Warner Bros. is planning a shake-up and restructuring of its DC Films operation following the box office disappointment of “Justice League,” Variety has learned.
Jon Berg will be leaving his current job running the comic book’s film production division, according to several sources with knowledge of the studio’s plans. A search is underway for his replacement. Berg will instead become a production partner with Roy Lee, the producer of “The Lego Movie” and “It,” who has a deal on the lot.
“This is something that Jon approached me about six months ago, and he expressed his goal was to ultimately be a producer at the studio,” Warner Bros. Picture Group President Toby Emmerich said in a statement to Variety. “I first met Jon when, as a producer, he brought ‘Elf’ to New Line, which remains one of the best and most evergreen titles in the library. We’re thrilled that Jon is partnering with Roy and anticipate their company being a valuable source of movies for Warner Bros. and New Line.”
Warners is expected to name a new person to run point on DC’s films. Geoff Johns, who has partnered with Berg on much of the creative direction of the movies, is expected to continue serving as DC Entertainment’s chief creative officer. Johns, who reports to DC president Diane Nelson, works in areas such as television (and has written various episodes for DC-inspired shows), publishing, and consumer products, in addition to his contributions to the films. Going forward, his work on the films may evolve, and could be more advisory in nature.
These people also say that Emmerich is weighing the idea of further integrating DC’s film operations into the studio’s main movie arm. That would entail putting the divisions under the same roof rather than having DC remain in a separate building on the lot, sources say. Marvel, which is owned by Disney, does operate its comic book film division autonomously, but other studios, such as Fox and Sony, produce their superhero films under the studio’s banner.
The DC overhaul is expected to happen by January.
Warner Bros.’ corporate leaders at Time Warner support the moves and are said to be unhappy with the financial performance of “Justice League.” The film was intended to be DC’s answer to Marvel’s “Avengers,” uniting the likes of Superman, Wonder Woman, and Batman under the banner of a team of world-saving superheroes. With a budget reported to be as high as $300 million, it represents an expensive bet. After three weeks of release, it has managed to gross $570.3 million worldwide. In contrast, the first “Avengers” film racked up $1.5 billion. The studio did have a number of successes this year with “Wonder Woman,” “Dunkirk,” and “It,” which has helped offset the disappointment of “Justice League.”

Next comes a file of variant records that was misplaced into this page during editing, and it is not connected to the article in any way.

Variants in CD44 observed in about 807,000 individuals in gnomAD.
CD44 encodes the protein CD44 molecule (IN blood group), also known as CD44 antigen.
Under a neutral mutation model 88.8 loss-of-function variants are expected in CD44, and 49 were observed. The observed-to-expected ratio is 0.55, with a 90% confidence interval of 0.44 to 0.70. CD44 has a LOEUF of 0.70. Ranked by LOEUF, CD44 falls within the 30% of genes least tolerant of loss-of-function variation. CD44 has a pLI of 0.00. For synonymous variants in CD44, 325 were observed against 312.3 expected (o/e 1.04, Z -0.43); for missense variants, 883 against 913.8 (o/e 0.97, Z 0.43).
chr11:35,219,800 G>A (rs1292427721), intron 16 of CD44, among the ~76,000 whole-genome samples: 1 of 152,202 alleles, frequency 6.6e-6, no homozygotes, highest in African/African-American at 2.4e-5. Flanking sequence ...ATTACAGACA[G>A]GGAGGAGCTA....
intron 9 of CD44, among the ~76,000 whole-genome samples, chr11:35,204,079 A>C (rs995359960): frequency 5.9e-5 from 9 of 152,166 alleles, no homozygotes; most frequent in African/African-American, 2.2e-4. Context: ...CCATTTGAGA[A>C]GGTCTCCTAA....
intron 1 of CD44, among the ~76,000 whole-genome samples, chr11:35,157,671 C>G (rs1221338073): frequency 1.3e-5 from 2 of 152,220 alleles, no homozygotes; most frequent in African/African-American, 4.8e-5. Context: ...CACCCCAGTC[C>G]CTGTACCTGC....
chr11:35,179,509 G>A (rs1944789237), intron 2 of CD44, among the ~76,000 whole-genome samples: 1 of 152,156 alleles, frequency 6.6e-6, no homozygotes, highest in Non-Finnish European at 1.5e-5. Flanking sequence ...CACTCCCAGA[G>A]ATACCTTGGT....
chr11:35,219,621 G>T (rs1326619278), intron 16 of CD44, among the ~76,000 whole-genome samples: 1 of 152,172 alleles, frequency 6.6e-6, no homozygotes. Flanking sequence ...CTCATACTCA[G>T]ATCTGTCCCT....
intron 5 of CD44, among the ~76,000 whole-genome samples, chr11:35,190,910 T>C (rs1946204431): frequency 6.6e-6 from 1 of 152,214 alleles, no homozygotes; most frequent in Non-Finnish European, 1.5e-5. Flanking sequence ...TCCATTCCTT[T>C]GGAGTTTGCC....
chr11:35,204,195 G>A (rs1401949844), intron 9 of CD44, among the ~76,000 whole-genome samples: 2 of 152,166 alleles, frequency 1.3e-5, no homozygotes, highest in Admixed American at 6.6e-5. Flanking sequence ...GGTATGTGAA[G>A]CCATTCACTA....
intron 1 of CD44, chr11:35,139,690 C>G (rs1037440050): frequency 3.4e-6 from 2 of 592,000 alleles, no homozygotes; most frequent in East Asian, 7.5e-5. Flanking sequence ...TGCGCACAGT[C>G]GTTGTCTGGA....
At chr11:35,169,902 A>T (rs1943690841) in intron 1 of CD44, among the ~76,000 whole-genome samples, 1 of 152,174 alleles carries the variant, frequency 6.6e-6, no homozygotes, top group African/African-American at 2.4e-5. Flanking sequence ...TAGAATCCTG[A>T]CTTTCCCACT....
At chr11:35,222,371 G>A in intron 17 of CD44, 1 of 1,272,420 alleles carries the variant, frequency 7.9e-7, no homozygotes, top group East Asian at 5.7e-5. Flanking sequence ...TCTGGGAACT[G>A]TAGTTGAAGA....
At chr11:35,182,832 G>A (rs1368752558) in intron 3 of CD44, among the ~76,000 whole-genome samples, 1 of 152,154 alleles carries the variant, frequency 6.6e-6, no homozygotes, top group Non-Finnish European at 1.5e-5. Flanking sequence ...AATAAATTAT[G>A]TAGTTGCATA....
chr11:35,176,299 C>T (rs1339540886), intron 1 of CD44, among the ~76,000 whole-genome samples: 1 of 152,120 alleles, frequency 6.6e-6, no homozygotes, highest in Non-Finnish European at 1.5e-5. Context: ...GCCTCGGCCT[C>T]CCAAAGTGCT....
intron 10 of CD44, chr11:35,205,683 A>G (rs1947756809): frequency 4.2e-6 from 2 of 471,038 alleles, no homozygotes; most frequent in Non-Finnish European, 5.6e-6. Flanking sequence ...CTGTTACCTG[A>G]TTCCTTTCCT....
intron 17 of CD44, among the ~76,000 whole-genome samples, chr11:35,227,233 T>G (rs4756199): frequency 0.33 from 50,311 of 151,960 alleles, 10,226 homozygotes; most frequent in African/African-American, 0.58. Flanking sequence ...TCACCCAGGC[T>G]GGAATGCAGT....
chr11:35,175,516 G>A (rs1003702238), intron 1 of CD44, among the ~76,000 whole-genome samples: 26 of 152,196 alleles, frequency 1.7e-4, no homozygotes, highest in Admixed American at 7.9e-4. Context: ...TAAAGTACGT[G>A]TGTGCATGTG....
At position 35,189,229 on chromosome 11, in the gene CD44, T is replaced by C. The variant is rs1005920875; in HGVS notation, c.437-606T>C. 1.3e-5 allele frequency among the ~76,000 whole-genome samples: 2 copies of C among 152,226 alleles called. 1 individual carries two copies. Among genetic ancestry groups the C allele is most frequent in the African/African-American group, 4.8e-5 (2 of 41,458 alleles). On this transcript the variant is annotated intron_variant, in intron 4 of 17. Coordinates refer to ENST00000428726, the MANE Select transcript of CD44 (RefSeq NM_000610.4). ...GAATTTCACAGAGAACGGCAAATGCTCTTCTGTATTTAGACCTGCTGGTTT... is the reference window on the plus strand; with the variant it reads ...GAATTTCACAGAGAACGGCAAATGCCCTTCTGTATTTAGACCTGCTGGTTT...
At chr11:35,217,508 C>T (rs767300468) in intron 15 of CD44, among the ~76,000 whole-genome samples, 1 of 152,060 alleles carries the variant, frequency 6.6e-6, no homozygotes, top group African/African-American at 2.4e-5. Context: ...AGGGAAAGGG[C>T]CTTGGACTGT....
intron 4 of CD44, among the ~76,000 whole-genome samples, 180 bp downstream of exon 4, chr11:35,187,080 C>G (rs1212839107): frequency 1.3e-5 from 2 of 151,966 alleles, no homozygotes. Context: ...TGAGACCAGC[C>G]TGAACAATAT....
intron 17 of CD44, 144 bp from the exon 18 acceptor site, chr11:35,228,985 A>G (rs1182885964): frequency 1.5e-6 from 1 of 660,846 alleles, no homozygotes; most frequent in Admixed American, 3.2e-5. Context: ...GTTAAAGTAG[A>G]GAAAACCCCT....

Berg and Johns were intimately involved in the production. Berg essentially decamped for the film’s London set, and both men have full producer credits on the picture, which would likely not be the case on future movies. “Justice League” suffered from a difficult birth. An early version, directed by Zack Snyder, alarmed studio executives with its dark tone. That had been the knock on Snyder’s two previous DC films, “Man of Steel” and “Batman v Superman: Dawn of Justice.” After his daughter committed suicide, Snyder eventually left the production before it underwent costly re-shoots. Joss Whedon, who had been brought on the punch up the dialogue, took over directing, but studio brass recognized that so much footage had been shot already that there were limits to what could be done to improve the picture. Studio executives realized early on that Snyder’s decision to have Steppenwolf, a god-like, all-CGI creation, as the principal antagonist was faulty. In fact, many reviews were particularly harsh about Steppenwolf, criticizing the character for being one-note and the product of unconvincing visual effects.
There are no immediate plans for Snyder to direct another DC movie, though he is producing or executive producing several, including “Wonder Woman 2” and “Aquaman.” Warner Bros. continues to have a production deal with Snyder, so it’s possible he could direct additional films for the studio. Time Warner is said to be frustrated that Warner Bros. leaders continue to bring the director back, especially after “Batman v Superman” was excoriated by critics even though it made money. They are also upset that each new DC film seems to be making less money than its predecessor. Only “Wonder Woman,” with its optimistic heroine, managed to be both a critical and commercial success.
While Ben Affleck is expected to appear as Batman in a standalone Flash movie, it is highly unlikely he will don the cape and cowl in Matt Reeves’ planned standalone Batman movie. The director is said to want to cast the role with fresh talent, according to sources.
Warner Bros. believes that “Justice League” succeeded in one importantly respect: it effectively introduced Flash (a quippy speedster played by Ezra Miller) and Aquaman (the king of Atlantis, portrayed by Jason Momoa). A solo “Aquaman” is due out in 2018 and Warners is still developing a standalone Flash adventure. Going forward, Warner Bros. is planning a sequel to “Wonder Woman” that’s believed to be set in the Cold War, and New Line has greenlit a “Shazam” feature.